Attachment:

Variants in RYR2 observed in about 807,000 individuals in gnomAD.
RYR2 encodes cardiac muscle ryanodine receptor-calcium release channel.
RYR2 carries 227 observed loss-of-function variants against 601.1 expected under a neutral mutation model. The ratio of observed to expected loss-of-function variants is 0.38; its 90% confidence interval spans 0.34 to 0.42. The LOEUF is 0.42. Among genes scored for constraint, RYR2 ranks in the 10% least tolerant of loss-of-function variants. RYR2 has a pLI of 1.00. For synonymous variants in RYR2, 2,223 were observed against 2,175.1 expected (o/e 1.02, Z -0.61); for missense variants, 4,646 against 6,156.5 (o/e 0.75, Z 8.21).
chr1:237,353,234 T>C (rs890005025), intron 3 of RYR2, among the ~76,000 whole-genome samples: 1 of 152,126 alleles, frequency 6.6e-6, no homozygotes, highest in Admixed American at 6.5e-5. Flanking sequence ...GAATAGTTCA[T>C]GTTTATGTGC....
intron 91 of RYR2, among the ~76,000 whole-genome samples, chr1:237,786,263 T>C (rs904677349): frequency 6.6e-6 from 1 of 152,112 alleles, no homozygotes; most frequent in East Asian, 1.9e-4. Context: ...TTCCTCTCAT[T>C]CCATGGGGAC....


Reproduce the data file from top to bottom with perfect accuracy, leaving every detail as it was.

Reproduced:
Variants in RYR2 observed in about 807,000 individuals in gnomAD.
RYR2 encodes cardiac muscle ryanodine receptor-calcium release channel.
RYR2 carries 227 observed loss-of-function variants against 601.1 expected under a neutral mutation model. The ratio of observed to expected loss-of-function variants is 0.38; its 90% confidence interval spans 0.34 to 0.42. The LOEUF is 0.42. Among genes scored for constraint, RYR2 ranks in the 10% least tolerant of loss-of-function variants. RYR2 has a pLI of 1.00. For synonymous variants in RYR2, 2,223 were observed against 2,175.1 expected (o/e 1.02, Z -0.61); for missense variants, 4,646 against 6,156.5 (o/e 0.75, Z 8.21).
chr1:237,353,234 T>C (rs890005025), intron 3 of RYR2, among the ~76,000 whole-genome samples: 1 of 152,126 alleles, frequency 6.6e-6, no homozygotes, highest in Admixed American at 6.5e-5. Flanking sequence ...GAATAGTTCA[T>C]GTTTATGTGC....
intron 91 of RYR2, among the ~76,000 whole-genome samples, chr1:237,786,263 T>C (rs904677349): frequency 6.6e-6 from 1 of 152,112 alleles, no homozygotes; most frequent in East Asian, 1.9e-4. Context: ...TTCCTCTCAT[T>C]CCATGGGGAC....